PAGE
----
Both authors have provided valuable insights, but, base their views on implicitly and explicitly binary and oppositional models. Instead, I suggest to think of the situation in more fluid terms. At the first IMPACT conference, Kathryn Reeves (1999/2018), quoting Foucault, asked: ‘Can we now theorise a space for printmaking practice that … "is one in which space takes for us the form of relations among sites"?’ (See also Balfour, 2016/18). Conceiving of the situation in terms of relational rather than oppositional terms, I think printmakers need to and already are, as Jenn Law (2016) has argued, confidently taking their place in contemporary art.
A crucial term here is the notion of ‘contemporary art’. It does not merely denote the common-sense assumption of art that is happening just now ─ one often rightly criticised for ‘empty eclecticism, historical amnesia, indifference’ etc. (Rebentisch, 2015, 226). Instead, according to Juliane Rebentisch (2015), it ‘opens up the present to the question of the future as well as to that of the past’ (224) and ‘designates what inextricably conjoins reality with possibility’ (ibid). Art and the role of the artist is ‘as a witness to his or her cultural and social present’ (228).
Or as neuoscientist and philosopher Alva Noe’s explains: There are ‘first order’ activities like walking, talking, singing, thinking, making and so on; and ‘second-order’ activities, namely art, that put first-order activities ‘on display’. ‘Dance as an art, or choreography, … puts dancing, as we know it [in everyday life] on display; it stages it. And in doing so it stages, or displays us …’. (33)
What this means in relation to print today is something that we can perhaps discuss during the symposium!


2) Has printmaking “crossed” the edge of the medium or expanded/built a new field of action?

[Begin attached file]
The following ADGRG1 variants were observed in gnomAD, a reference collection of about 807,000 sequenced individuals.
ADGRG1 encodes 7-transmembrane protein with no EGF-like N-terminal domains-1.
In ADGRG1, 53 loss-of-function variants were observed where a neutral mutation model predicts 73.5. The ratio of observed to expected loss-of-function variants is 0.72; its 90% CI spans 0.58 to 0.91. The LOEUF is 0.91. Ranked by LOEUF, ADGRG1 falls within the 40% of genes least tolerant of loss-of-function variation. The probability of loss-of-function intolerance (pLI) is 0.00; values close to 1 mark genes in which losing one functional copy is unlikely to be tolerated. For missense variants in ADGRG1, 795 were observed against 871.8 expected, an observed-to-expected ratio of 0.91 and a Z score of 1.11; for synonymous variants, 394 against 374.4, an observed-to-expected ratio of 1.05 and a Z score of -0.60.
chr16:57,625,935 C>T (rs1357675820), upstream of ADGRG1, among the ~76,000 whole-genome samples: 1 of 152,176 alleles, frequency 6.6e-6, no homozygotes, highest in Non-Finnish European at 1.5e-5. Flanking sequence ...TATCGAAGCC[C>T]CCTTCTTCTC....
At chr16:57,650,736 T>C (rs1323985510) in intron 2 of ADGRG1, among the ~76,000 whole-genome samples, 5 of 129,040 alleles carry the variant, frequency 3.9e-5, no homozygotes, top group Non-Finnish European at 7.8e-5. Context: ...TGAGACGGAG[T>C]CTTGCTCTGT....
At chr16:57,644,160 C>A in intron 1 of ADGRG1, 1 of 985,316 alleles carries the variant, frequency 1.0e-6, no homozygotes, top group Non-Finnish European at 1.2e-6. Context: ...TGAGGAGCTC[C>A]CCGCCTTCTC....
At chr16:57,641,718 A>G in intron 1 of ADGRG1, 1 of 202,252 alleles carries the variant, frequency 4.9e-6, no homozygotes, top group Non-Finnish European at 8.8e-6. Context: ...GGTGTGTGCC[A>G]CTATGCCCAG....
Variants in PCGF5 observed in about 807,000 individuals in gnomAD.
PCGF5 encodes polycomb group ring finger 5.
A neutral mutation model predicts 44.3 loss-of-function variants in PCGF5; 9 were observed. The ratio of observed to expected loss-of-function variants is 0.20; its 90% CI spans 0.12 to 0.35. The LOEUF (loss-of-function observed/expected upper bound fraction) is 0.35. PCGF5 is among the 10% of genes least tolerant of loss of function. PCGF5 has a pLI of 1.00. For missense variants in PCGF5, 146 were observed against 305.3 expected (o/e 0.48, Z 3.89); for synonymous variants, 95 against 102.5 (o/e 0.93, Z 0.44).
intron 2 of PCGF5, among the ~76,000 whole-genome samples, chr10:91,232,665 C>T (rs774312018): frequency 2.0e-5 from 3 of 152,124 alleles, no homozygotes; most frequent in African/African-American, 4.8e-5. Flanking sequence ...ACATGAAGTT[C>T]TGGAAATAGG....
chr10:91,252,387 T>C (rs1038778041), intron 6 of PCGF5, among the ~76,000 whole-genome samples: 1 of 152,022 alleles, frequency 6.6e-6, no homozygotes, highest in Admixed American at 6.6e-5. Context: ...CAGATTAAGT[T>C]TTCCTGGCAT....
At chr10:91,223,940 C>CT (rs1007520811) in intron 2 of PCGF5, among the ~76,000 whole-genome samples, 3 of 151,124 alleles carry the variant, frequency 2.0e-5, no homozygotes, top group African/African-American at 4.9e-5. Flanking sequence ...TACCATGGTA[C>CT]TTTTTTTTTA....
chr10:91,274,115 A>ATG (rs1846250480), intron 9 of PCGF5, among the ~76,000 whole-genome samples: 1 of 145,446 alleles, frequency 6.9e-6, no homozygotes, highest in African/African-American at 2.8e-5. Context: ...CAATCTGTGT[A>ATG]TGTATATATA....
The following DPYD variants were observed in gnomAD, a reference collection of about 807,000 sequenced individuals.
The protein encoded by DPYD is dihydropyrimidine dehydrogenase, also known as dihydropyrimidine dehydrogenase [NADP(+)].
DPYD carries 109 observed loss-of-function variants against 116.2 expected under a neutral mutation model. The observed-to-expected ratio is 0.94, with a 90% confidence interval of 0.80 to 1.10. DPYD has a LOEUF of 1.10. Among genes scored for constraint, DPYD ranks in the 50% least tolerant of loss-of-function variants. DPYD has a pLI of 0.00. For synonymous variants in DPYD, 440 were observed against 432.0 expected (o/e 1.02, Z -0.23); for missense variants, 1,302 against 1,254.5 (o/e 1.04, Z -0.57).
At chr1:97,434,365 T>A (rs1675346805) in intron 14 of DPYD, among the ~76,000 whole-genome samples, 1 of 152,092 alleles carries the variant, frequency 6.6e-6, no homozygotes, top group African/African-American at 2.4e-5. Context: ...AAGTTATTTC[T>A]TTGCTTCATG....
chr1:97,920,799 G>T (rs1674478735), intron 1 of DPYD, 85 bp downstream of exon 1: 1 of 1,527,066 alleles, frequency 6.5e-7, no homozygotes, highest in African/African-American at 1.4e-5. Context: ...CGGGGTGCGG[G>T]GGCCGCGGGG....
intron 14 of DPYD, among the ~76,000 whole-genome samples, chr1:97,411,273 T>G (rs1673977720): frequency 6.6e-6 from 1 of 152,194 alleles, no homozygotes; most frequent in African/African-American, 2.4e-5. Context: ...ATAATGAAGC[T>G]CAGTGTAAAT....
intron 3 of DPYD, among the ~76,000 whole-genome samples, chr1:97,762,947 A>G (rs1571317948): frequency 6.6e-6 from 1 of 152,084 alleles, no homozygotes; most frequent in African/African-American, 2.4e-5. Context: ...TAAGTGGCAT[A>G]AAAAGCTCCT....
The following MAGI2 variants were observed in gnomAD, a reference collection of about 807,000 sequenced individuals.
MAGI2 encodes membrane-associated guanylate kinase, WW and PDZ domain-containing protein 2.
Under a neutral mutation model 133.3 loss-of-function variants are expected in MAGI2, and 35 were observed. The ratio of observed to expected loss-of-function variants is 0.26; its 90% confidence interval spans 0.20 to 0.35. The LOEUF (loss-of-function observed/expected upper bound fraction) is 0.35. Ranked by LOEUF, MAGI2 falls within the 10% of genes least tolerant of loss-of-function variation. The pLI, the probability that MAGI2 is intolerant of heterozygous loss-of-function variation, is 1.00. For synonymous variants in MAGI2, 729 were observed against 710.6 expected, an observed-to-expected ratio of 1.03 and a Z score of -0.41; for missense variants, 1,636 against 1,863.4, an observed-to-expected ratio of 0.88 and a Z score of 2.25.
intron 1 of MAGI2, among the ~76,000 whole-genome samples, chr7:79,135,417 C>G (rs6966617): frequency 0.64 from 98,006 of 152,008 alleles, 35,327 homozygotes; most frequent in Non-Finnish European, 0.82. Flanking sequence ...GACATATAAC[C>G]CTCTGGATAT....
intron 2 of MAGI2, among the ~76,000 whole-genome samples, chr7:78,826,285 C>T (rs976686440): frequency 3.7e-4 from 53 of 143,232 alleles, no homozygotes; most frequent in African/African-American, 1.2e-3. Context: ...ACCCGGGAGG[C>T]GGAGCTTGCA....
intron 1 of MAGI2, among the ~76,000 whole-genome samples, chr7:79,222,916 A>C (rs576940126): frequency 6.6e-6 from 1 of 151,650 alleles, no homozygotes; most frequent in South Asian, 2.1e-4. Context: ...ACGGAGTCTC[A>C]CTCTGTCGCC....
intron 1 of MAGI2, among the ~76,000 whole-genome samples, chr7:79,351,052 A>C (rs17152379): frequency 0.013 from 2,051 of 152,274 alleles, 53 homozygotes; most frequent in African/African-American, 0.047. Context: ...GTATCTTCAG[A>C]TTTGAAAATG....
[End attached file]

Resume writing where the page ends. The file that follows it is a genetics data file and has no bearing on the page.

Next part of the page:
(See also my comments under Nr 1).
What does the assumption that there is an ‘edge’ imply?
In English ‘to be on the edge of something’ or ‘to be close to the edge’ implies that something or someone is close to the point at which something different, especially something bad, will happen (Longman Dictionary).
Being ‘on the edge of one’s seat’ means being in a state of utmost excitement (both positive and negative).
Not to be confused with the phrase ‘to be on edge’ which means ‘to be nervous or worried’ (Cambridge Learners’ Dictionary).
All these terms seem to imply an anxious, even perilous state.


Moreover, instead of talking about the edge, I would like to pose the question: What if there is no edge or if there never has been an edge?

What do I mean by that?
Put simply, talking about ‘printmaking at or beyond the edge’ implies that there is something that provides/has provided a stable, never-changing core (or at least one that has not changed much, not fundamentally). I find this unhelpful in thinking about printmaking either historically or in contemporary terms.
Another important factor is that whatever is regarded to be the core also changes depending on where one looks from and who is doing the looking.
Therefore, as already argued under Nr 1, I agree with Barbara Balfour (2016/2018) who has said: ‘With print as with other media, it seems more empowering to think less in terms of a set of defining forms and attributes and more in terms of capacity and mobility, such as what one can accomplish by using certain media. … the notion of a medium as an enabling agency rather than an ossified form is appealing …
I am less interested in preserving a hierarchical or adversarial framework of media and more interested in working toward a relational understanding of print vis-à-vis other media.’
How does our conception of the status of printmaking and its position in relation to the other contemporary arts change if we adopt this outlook/way of thinking?